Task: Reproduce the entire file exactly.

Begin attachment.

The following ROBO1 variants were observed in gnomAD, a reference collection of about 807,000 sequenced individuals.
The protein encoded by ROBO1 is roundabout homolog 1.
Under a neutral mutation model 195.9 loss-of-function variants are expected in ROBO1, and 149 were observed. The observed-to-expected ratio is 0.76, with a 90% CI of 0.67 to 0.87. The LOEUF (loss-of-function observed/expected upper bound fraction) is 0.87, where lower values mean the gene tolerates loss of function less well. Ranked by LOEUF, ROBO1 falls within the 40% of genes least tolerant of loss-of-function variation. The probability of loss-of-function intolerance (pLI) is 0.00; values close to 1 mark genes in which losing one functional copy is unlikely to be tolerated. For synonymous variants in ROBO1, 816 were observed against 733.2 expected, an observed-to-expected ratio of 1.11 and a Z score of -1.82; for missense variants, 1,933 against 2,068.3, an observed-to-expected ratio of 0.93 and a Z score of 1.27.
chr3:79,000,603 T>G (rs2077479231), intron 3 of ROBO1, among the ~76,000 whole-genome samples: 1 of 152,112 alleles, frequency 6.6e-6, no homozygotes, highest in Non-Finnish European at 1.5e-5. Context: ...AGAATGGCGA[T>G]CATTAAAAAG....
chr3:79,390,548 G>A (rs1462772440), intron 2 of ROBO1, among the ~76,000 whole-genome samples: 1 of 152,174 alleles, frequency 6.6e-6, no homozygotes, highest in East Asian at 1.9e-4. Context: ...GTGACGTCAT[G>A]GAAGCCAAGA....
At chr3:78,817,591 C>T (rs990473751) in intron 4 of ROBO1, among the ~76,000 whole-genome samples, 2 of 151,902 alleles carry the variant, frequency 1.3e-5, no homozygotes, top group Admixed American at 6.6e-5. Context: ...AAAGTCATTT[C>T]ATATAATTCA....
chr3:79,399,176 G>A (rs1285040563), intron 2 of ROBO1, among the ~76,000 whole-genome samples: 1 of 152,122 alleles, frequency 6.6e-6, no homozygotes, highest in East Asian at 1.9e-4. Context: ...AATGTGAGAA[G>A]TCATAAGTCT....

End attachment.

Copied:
The following ROBO1 variants were observed in gnomAD, a reference collection of about 807,000 sequenced individuals.
The protein encoded by ROBO1 is roundabout homolog 1.
Under a neutral mutation model 195.9 loss-of-function variants are expected in ROBO1, and 149 were observed. The observed-to-expected ratio is 0.76, with a 90% CI of 0.67 to 0.87. The LOEUF (loss-of-function observed/expected upper bound fraction) is 0.87, where lower values mean the gene tolerates loss of function less well. Ranked by LOEUF, ROBO1 falls within the 40% of genes least tolerant of loss-of-function variation. The probability of loss-of-function intolerance (pLI) is 0.00; values close to 1 mark genes in which losing one functional copy is unlikely to be tolerated. For synonymous variants in ROBO1, 816 were observed against 733.2 expected, an observed-to-expected ratio of 1.11 and a Z score of -1.82; for missense variants, 1,933 against 2,068.3, an observed-to-expected ratio of 0.93 and a Z score of 1.27.
chr3:79,000,603 T>G (rs2077479231), intron 3 of ROBO1, among the ~76,000 whole-genome samples: 1 of 152,112 alleles, frequency 6.6e-6, no homozygotes, highest in Non-Finnish European at 1.5e-5. Context: ...AGAATGGCGA[T>G]CATTAAAAAG....
chr3:79,390,548 G>A (rs1462772440), intron 2 of ROBO1, among the ~76,000 whole-genome samples: 1 of 152,174 alleles, frequency 6.6e-6, no homozygotes, highest in East Asian at 1.9e-4. Context: ...GTGACGTCAT[G>A]GAAGCCAAGA....
At chr3:78,817,591 C>T (rs990473751) in intron 4 of ROBO1, among the ~76,000 whole-genome samples, 2 of 151,902 alleles carry the variant, frequency 1.3e-5, no homozygotes, top group Admixed American at 6.6e-5. Context: ...AAAGTCATTT[C>T]ATATAATTCA....
chr3:79,399,176 G>A (rs1285040563), intron 2 of ROBO1, among the ~76,000 whole-genome samples: 1 of 152,122 alleles, frequency 6.6e-6, no homozygotes, highest in East Asian at 1.9e-4. Context: ...AATGTGAGAA[G>A]TCATAAGTCT....